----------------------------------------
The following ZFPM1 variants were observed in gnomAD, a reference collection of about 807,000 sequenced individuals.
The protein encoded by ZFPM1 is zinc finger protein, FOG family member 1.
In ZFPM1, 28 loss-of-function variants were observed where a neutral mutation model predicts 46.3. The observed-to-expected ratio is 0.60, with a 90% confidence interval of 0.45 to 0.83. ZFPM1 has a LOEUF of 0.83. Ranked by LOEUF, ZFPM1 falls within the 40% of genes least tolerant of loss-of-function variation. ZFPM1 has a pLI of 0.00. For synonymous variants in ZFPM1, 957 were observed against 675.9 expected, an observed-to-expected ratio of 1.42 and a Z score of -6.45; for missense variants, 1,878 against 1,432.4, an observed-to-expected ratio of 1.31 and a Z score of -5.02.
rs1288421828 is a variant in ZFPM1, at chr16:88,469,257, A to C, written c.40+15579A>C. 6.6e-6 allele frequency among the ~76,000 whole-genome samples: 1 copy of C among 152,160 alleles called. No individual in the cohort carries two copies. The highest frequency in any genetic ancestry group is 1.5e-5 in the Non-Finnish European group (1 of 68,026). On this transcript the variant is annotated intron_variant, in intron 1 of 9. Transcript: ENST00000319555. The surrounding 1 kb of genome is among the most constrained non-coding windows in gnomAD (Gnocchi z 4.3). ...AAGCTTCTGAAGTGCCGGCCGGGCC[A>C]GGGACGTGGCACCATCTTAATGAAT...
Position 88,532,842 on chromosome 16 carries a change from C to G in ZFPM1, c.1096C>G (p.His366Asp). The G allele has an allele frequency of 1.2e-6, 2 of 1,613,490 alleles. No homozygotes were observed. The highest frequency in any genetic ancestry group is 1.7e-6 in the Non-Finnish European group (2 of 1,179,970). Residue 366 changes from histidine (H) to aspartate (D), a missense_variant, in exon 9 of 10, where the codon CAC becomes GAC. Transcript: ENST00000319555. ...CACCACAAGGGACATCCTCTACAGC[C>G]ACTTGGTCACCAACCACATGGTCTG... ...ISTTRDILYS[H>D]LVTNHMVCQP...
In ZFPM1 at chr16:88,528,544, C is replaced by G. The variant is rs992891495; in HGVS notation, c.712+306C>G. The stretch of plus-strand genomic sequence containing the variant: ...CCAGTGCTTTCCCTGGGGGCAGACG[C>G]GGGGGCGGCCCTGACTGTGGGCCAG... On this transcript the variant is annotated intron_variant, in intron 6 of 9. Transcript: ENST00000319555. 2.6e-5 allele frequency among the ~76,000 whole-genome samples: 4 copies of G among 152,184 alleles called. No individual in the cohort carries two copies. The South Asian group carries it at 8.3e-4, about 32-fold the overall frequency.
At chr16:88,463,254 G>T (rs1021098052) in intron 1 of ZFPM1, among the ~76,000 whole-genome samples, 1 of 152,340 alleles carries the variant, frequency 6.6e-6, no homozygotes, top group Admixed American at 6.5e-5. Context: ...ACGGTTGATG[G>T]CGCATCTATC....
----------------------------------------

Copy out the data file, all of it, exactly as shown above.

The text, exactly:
The following ZFPM1 variants were observed in gnomAD, a reference collection of about 807,000 sequenced individuals.
The protein encoded by ZFPM1 is zinc finger protein, FOG family member 1.
In ZFPM1, 28 loss-of-function variants were observed where a neutral mutation model predicts 46.3. The observed-to-expected ratio is 0.60, with a 90% confidence interval of 0.45 to 0.83. ZFPM1 has a LOEUF of 0.83. Ranked by LOEUF, ZFPM1 falls within the 40% of genes least tolerant of loss-of-function variation. ZFPM1 has a pLI of 0.00. For synonymous variants in ZFPM1, 957 were observed against 675.9 expected, an observed-to-expected ratio of 1.42 and a Z score of -6.45; for missense variants, 1,878 against 1,432.4, an observed-to-expected ratio of 1.31 and a Z score of -5.02.
rs1288421828 is a variant in ZFPM1, at chr16:88,469,257, A to C, written c.40+15579A>C. 6.6e-6 allele frequency among the ~76,000 whole-genome samples: 1 copy of C among 152,160 alleles called. No individual in the cohort carries two copies. The highest frequency in any genetic ancestry group is 1.5e-5 in the Non-Finnish European group (1 of 68,026). On this transcript the variant is annotated intron_variant, in intron 1 of 9. Transcript: ENST00000319555. The surrounding 1 kb of genome is among the most constrained non-coding windows in gnomAD (Gnocchi z 4.3). ...AAGCTTCTGAAGTGCCGGCCGGGCC[A>C]GGGACGTGGCACCATCTTAATGAAT...
Position 88,532,842 on chromosome 16 carries a change from C to G in ZFPM1, c.1096C>G (p.His366Asp). The G allele has an allele frequency of 1.2e-6, 2 of 1,613,490 alleles. No homozygotes were observed. The highest frequency in any genetic ancestry group is 1.7e-6 in the Non-Finnish European group (2 of 1,179,970). Residue 366 changes from histidine (H) to aspartate (D), a missense_variant, in exon 9 of 10, where the codon CAC becomes GAC. Transcript: ENST00000319555. ...CACCACAAGGGACATCCTCTACAGC[C>G]ACTTGGTCACCAACCACATGGTCTG... ...ISTTRDILYS[H>D]LVTNHMVCQP...
In ZFPM1 at chr16:88,528,544, C is replaced by G. The variant is rs992891495; in HGVS notation, c.712+306C>G. The stretch of plus-strand genomic sequence containing the variant: ...CCAGTGCTTTCCCTGGGGGCAGACG[C>G]GGGGGCGGCCCTGACTGTGGGCCAG... On this transcript the variant is annotated intron_variant, in intron 6 of 9. Transcript: ENST00000319555. 2.6e-5 allele frequency among the ~76,000 whole-genome samples: 4 copies of G among 152,184 alleles called. No individual in the cohort carries two copies. The South Asian group carries it at 8.3e-4, about 32-fold the overall frequency.
At chr16:88,463,254 G>T (rs1021098052) in intron 1 of ZFPM1, among the ~76,000 whole-genome samples, 1 of 152,340 alleles carries the variant, frequency 6.6e-6, no homozygotes, top group Admixed American at 6.5e-5. Context: ...ACGGTTGATG[G>T]CGCATCTATC....